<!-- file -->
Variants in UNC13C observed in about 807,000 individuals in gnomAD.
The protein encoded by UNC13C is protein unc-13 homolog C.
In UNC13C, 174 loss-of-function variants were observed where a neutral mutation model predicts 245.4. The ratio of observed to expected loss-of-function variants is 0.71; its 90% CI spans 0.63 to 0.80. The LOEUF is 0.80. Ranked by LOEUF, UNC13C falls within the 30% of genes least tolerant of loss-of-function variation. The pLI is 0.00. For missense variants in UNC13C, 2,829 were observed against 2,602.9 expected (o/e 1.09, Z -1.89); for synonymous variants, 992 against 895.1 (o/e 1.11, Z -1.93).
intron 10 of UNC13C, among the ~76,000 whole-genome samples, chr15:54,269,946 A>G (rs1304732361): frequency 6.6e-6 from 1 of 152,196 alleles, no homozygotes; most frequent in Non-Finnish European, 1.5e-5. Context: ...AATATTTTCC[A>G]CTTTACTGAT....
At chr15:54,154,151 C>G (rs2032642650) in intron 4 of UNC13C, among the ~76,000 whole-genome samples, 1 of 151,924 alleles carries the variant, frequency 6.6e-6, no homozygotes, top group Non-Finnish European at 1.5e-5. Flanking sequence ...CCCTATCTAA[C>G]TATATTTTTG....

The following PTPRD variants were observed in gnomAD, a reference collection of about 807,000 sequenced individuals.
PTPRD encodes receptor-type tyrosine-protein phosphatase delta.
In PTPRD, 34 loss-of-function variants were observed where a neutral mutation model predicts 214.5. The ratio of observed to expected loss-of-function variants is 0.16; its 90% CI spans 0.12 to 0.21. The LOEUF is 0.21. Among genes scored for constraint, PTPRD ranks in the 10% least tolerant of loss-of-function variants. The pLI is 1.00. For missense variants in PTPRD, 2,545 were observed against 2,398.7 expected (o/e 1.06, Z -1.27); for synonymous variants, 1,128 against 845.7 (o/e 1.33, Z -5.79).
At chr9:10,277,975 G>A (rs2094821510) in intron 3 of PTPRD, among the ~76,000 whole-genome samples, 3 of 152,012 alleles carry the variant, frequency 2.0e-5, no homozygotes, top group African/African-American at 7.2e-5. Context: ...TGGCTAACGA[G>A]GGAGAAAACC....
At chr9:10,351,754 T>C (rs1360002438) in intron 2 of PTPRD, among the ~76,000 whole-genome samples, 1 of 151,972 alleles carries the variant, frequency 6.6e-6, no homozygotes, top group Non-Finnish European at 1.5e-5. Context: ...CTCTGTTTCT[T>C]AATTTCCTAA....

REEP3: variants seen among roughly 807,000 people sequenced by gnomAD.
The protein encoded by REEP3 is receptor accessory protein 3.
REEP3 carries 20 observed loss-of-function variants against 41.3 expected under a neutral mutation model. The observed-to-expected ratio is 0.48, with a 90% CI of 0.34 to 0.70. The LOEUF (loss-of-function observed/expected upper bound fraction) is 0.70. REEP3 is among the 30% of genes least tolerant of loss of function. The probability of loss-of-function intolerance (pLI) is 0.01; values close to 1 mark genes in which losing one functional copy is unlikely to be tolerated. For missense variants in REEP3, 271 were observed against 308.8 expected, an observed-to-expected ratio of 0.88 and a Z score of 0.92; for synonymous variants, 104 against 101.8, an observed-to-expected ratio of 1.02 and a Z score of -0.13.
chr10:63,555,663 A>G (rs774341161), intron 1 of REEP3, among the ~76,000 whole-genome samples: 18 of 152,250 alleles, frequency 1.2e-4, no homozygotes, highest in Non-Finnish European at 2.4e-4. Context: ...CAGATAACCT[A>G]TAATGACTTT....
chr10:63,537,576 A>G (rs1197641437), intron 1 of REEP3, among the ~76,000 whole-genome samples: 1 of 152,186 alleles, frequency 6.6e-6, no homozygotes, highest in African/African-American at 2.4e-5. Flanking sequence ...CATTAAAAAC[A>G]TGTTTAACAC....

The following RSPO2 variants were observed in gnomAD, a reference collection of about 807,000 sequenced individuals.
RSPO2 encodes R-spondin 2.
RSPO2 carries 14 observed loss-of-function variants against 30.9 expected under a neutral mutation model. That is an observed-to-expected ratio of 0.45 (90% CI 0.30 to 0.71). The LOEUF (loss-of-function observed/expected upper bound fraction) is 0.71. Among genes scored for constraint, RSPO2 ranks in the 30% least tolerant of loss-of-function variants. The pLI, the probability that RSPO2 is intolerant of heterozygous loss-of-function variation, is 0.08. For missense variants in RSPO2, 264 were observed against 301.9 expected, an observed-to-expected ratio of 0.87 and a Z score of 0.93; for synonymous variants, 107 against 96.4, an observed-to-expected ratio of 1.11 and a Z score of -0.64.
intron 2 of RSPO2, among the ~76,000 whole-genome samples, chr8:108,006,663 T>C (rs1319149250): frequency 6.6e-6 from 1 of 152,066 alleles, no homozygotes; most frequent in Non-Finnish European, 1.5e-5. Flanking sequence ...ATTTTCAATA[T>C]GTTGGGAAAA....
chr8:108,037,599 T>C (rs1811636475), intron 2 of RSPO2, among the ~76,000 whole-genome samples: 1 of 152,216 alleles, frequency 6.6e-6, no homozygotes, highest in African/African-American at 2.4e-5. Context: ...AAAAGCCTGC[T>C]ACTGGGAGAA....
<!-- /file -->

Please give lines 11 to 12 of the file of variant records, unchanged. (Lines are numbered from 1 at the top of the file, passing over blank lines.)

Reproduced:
REEP3: variants seen among roughly 807,000 people sequenced by gnomAD.
The protein encoded by REEP3 is receptor accessory protein 3.